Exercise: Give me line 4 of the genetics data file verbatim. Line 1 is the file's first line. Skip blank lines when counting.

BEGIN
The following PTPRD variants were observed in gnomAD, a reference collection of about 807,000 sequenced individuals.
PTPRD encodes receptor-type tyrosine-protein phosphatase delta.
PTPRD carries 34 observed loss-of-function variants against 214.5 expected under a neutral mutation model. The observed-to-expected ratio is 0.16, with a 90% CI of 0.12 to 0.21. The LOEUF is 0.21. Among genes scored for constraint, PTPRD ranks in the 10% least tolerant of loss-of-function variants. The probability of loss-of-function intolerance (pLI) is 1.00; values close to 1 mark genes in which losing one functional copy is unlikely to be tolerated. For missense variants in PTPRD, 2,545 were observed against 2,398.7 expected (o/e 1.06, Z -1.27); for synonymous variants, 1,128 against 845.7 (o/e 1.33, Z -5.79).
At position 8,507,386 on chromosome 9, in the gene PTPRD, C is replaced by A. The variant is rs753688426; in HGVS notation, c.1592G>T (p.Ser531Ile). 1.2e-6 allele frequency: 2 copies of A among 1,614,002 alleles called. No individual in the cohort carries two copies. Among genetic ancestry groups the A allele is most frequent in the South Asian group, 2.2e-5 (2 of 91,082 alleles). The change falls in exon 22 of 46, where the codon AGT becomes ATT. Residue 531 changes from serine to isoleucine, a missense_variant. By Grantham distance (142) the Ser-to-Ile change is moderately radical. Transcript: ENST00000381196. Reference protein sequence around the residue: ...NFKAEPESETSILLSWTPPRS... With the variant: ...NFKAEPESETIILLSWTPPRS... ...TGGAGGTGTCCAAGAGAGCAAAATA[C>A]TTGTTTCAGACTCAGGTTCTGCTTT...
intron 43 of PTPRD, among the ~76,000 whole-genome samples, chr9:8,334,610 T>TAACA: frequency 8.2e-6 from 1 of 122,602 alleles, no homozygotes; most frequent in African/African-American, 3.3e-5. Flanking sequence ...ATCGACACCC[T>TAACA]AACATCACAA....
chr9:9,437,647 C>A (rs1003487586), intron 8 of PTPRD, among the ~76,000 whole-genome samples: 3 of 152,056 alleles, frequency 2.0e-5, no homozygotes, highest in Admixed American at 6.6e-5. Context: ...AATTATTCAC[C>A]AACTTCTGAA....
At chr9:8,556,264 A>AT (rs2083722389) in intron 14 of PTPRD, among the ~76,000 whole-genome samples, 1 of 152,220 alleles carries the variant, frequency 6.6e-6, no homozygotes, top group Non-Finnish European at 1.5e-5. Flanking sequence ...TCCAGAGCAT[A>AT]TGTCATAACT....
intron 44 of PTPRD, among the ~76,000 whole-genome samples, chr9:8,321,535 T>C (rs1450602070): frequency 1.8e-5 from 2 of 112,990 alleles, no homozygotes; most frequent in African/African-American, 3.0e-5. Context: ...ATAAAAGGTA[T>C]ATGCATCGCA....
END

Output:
At position 8,507,386 on chromosome 9, in the gene PTPRD, C is replaced by A. The variant is rs753688426; in HGVS notation, c.1592G>T (p.Ser531Ile). 1.2e-6 allele frequency: 2 copies of A among 1,614,002 alleles called. No individual in the cohort carries two copies. Among genetic ancestry groups the A allele is most frequent in the South Asian group, 2.2e-5 (2 of 91,082 alleles). The change falls in exon 22 of 46, where the codon AGT becomes ATT. Residue 531 changes from serine to isoleucine, a missense_variant. By Grantham distance (142) the Ser-to-Ile change is moderately radical. Transcript: ENST00000381196. Reference protein sequence around the residue: ...NFKAEPESETSILLSWTPPRS... With the variant: ...NFKAEPESETIILLSWTPPRS... ...TGGAGGTGTCCAAGAGAGCAAAATA[C>A]TTGTTTCAGACTCAGGTTCTGCTTT...